Kent State shootings: Paralyzed survivor Dean Kahler harbors no anger

Kent State shootings: Paralyzed survivor Dean Kahler harbors no anger

By Craig Webb, Akron Beacon Journal
May 3, 2020

Kent State University student Dean Kahler, who was paralyzed from the waist down by a National Guardsman’s bullet on May 4, leads a candlelight procession in September 1970. NEED CREDIT |

No anger.

No regrets.

No looking back.

This is certainly not the life Dean Kahler expected when he was a freshman at Kent State some 50 years ago.

He walked onto the campus full of hopes and dreams.

He left some years later, degree in hand in a wheelchair and with a new path in life.

Kahler grew up in rural Stark County.

Life on the family farm and high school, he admits now, shielded him from the polarizing politics engulfing many of the youth in the country at the time.

That’s not to say he was not aware of the fights over the war in Vietnam.

Dean Kahler, who was one of the nine students wounded by National Guardsmen on the Kent State campus May 4, participates in a commemoration ceremony before leading a candlelight procession on September 28, 1970. Don Roese | Akron Beacon Journal

Kahler said politics were as common as potatoes at the family dinner table.

He grew up in a “mixed” household.

Mom was a Republican.

Dad was a Democrat.

Kahler said free thinking was encouraged in the household, and a well-reasoned exchange of ideas was expected.

“You had to bring something to the table,” he said. “You had to be ready to talk.”

Looking back at this – along with that fateful day at Kent State – led him to become the person he is today.

But back then, he had a single, much different, life goal in mind.

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He dreamed of being a teacher and a football or baseball coach.

Instead of heading straight off to college after high school, Kahler said he wanted to forge his own path and pay his way onto campus.

He spent a year toiling away in a steel plant in Canton to earn the money needed to pursue his dream of a college education at Kent State.

The busyness of life as a first-quarter freshman and making ends meet, Kahler said, was one of the reasons he was so intrigued by the turmoil that embroiled the campus that spring.

He ended up amid the sea of protesters and students and Ohio National Guardsmen on May 4, 1970, because he had just finished lunch and was headed to class.

He had a 1:10 p.m. Intro to Health class on the other side of the massive gathering.

He stopped and watched as the crowd of protesters and spectators surrounded the men with guns that stood guard between him and his classroom, when the unthinkable moment and flashpoint in U.S. history unfolded before his eyes.

Shots rang out.

The 20-year-old became a name in history books when he was struck by a guardsman’s bullet that damaged his spine and left him paralyzed from the waist down. Four students died. Kahler was one of nine wounded.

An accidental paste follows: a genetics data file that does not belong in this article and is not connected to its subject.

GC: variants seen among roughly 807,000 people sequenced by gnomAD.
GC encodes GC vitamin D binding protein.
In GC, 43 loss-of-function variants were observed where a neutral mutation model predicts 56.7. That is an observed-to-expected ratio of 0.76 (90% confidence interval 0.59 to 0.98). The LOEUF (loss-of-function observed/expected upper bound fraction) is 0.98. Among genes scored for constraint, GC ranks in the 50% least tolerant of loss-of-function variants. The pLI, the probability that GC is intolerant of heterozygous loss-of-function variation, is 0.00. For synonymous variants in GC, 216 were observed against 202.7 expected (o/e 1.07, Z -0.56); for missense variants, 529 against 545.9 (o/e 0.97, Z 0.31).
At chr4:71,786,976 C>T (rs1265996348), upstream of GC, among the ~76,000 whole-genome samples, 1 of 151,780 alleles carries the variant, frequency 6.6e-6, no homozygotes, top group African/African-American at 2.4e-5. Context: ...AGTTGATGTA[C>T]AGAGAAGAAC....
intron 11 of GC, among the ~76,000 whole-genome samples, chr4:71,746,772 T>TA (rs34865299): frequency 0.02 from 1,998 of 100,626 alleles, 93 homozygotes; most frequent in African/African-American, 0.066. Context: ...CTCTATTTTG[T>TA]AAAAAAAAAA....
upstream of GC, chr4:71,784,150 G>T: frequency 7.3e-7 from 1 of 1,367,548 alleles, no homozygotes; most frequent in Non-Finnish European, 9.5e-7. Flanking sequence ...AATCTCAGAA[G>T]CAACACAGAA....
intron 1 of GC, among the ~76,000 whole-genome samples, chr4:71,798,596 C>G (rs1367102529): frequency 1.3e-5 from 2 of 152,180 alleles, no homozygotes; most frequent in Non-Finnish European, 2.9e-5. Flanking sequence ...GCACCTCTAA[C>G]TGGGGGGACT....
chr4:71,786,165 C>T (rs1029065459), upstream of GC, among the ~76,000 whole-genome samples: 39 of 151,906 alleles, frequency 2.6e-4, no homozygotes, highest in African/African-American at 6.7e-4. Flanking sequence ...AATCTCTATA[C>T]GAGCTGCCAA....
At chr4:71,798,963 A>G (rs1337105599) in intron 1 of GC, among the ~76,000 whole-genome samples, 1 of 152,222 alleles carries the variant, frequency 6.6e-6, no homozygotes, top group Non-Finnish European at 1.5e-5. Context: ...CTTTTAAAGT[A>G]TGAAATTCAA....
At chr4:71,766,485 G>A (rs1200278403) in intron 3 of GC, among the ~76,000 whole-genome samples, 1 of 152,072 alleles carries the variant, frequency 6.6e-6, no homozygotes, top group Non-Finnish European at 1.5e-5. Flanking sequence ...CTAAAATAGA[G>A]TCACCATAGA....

Dean Kahler, who was shot in the back and paralyzed by National Guardsmen at Kent State on May 4, 1970, speaks at a press conference following the $675,000 settlement of a civil lawsuit. Jan. 4, 1979. In the background at left is Roseanne “Chic” Canfora, who was a witness to the shootings and whose brother, Alan, was one of the nine students injured that day. Ott Gangl | Akron Beacon Journal

He returned to campus in the fall and graduated with his bachelor’s degree in 1977.

He was a teacher for 15 years and worked with the Ohio Industrial Commission, the Ohio Attorney General and the Ohio Secretary of State.

He also became a politician and was a two-term Athens County commissioner.

After his retirement, Kahler, who turned 70 on Friday, moved back to Northeast Ohio and now lives in Plain Township.

He moved back home to help care for his parents, who have both since passed away.

Sadly, Kahler ended up needing help himself, as a fall three years ago led to complications and other ailments that left him pretty much bedridden for much of that time.

He is on the mend, but still has a wound in his lower back that refuses to heal.

In spite of all this, Kahler had still planned to travel to the campus to participate in the 50th anniversary events of the shooting.

He was also scheduled to be the speaker for the One University Commencement ceremony on May 9 before the coronavirus canceled all those events.

Kahler said he’s not angry about the way things turned out, but 50 years is a long time to reflect on that day.

Dean Kahler recalls the May 4, 1970 shootings from the spot where he was shot and paralyzed as he talks about that day’s events on the campus of Kent State University Monday, April 26, 2010 in Kent, Ohio. Karen Schiely | Akron Beacon Journal

“I’ve spent 50 years in a wheelchair,” he said. “It’s pretty amazing.”

He holds no anger toward the place where his life changed in an instant.

Kahler is a frequent visitor to the campus to talk about the events of May 4 and regularly participates in the annual ceremony marking the moment shots rang out.

He had planned to tell this year’s class of graduates the importance of forgiveness, being good citizens and having a giving heart.

In the height of the pandemic, Kahler even made a public plea recently for colleges and universities to donate any masks and gloves they had in storage to doctors and nurses on the frontlines.

“I tell people I only had one bad day at Kent State,” he said. “I’m alive. I’m alive.”

Reporter Craig Webb can be reached at